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Deciphering the Shape of Economic Recovery

When economists discuss economic recovery, it's often in terms of the alphabet. In the latest installment of his Making Sen$e series, Paul Solman explains what phrases such as "V-shaped recovery" or "U-shaped recession" say about the economic outlook.

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  • PAUL SOLMAN, NewsHour Economics Correspondent:

    For the past year or more, the U.S. and global economies have been in the soup. And increasingly, the shape of a recovery is being framed in terms of the alphabet all over the world.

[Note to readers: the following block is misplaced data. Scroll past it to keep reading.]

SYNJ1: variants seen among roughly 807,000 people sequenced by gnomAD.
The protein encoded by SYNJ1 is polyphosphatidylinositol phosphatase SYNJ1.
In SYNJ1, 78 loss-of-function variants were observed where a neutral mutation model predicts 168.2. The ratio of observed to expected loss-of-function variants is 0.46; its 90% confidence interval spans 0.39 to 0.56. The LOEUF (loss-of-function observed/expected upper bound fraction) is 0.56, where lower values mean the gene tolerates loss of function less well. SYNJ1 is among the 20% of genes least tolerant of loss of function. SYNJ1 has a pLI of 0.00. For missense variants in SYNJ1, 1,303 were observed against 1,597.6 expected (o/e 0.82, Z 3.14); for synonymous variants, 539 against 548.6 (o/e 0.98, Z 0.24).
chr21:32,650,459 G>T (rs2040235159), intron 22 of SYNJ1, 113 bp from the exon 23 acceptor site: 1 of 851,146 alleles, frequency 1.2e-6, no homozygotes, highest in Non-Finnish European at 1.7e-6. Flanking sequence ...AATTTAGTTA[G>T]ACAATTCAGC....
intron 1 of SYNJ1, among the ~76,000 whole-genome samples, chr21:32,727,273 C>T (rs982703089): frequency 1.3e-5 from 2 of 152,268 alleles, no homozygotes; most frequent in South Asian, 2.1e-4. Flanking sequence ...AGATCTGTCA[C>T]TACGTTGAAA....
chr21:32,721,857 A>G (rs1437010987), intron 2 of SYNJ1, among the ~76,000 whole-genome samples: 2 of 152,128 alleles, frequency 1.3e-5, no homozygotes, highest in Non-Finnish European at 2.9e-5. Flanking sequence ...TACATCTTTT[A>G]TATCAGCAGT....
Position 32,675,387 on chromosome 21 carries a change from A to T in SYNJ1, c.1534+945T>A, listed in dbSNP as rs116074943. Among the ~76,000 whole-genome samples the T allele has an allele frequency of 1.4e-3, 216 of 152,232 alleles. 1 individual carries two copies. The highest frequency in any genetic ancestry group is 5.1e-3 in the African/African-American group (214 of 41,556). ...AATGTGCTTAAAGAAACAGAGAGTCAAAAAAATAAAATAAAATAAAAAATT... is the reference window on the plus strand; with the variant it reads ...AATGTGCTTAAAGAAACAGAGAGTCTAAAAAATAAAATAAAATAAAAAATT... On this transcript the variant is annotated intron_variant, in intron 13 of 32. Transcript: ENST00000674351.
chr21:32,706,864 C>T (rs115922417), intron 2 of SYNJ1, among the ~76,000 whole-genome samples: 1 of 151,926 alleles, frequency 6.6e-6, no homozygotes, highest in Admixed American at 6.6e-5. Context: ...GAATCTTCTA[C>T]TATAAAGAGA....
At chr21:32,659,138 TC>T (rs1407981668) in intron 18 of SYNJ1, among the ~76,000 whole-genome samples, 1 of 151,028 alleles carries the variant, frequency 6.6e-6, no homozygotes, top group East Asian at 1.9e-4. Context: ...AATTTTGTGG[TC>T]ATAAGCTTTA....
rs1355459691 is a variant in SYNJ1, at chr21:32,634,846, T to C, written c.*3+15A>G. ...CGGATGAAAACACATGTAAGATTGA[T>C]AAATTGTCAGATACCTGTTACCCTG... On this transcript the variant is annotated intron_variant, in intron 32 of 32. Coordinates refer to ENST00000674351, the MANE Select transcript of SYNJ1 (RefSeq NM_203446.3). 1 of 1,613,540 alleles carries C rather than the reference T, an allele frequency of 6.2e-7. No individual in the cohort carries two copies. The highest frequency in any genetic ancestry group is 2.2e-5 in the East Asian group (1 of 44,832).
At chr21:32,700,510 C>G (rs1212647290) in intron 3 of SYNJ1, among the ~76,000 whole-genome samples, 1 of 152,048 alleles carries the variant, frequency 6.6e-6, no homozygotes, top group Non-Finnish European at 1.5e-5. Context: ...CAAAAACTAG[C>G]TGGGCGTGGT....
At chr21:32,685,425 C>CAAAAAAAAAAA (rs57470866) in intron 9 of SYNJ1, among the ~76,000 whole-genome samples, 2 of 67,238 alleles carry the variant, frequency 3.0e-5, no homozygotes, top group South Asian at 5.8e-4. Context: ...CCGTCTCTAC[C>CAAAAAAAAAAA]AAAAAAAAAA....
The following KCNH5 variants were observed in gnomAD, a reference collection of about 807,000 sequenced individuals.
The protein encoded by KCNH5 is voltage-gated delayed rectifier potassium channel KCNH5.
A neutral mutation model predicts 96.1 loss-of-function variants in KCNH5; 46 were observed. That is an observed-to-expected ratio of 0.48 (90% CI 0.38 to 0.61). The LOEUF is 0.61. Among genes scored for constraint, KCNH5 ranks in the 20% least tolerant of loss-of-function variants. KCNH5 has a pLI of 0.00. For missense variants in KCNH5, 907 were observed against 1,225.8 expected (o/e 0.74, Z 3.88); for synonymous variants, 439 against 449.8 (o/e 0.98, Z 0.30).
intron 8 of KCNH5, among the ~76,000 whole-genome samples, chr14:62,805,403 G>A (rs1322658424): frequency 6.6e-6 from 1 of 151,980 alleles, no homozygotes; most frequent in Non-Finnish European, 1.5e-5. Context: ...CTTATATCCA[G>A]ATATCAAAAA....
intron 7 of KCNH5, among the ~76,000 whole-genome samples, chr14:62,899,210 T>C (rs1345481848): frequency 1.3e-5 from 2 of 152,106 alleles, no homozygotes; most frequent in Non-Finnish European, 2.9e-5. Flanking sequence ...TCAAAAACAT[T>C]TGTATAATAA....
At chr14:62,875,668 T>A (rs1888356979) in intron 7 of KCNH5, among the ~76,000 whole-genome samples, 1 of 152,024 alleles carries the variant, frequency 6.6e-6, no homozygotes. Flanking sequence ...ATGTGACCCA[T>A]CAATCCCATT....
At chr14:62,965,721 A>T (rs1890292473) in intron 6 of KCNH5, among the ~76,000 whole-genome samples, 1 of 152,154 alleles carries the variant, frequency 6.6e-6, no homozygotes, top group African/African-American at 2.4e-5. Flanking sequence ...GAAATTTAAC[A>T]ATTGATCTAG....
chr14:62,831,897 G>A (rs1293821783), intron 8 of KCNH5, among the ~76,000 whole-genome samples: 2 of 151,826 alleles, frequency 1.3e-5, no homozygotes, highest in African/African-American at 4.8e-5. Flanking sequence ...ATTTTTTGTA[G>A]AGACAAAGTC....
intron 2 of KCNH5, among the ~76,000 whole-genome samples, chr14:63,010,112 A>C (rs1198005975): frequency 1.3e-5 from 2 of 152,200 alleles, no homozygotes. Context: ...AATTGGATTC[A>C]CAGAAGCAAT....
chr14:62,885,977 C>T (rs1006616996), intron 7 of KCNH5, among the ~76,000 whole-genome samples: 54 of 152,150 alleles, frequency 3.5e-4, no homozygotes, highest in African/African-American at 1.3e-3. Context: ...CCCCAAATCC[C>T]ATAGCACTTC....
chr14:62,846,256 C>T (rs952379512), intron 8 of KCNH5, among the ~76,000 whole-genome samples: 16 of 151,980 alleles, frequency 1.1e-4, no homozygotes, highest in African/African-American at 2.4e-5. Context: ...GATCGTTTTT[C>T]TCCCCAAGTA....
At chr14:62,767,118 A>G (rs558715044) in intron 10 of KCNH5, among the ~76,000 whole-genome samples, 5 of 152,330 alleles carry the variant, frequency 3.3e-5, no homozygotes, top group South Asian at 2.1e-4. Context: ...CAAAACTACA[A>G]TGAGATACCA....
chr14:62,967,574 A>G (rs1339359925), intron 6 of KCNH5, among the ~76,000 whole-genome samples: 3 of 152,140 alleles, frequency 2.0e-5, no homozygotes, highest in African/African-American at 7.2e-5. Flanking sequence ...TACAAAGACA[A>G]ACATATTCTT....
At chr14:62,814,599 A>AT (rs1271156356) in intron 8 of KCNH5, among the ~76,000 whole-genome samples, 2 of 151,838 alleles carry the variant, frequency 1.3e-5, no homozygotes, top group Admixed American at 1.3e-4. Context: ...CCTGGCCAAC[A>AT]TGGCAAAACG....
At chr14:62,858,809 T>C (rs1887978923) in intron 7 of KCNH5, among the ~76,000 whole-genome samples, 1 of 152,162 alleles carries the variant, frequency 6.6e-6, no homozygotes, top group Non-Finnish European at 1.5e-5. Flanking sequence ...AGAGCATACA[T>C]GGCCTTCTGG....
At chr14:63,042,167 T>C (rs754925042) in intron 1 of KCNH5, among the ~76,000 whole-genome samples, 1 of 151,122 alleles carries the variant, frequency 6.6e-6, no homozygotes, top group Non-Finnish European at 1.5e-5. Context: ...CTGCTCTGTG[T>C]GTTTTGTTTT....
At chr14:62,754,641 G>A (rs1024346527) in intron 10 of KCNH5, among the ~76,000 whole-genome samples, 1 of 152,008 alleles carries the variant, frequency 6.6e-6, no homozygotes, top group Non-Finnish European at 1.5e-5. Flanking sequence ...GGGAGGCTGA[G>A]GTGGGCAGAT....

The most positive shape is brought to you by the letter V.


    Well, certainly the view that it is going to be a V shape…


    Another form of recovery is described by the letter U.

  • NOURIEL ROUBINI, Chairman, RGE Monitor:

    … a severe U-shape recession…


    Or maybe the U is really an L.

    MICHAEL MUSSA, Peterson Institute for International Economics: Well, the difference between an L and a U is in the eyes of the beholder.


    Or maybe it's the letter W.

  • ROBERT RENNIE, Currency Strategist:

    It feels like we're in a W-shaped recovery.


    Or the shape could be a little more sophisticated.


    What I expect is an inverted square root sign.


    An inverted square root sign? We'll get to that, too, because, in fact, picturing the possible shapes of a recovery may be a helpful way to understand the possibilities. So we visited friend Simon Johnson, former chief economist at the IMF, at his MIT blackboard for a bit of drawing and drawing out.

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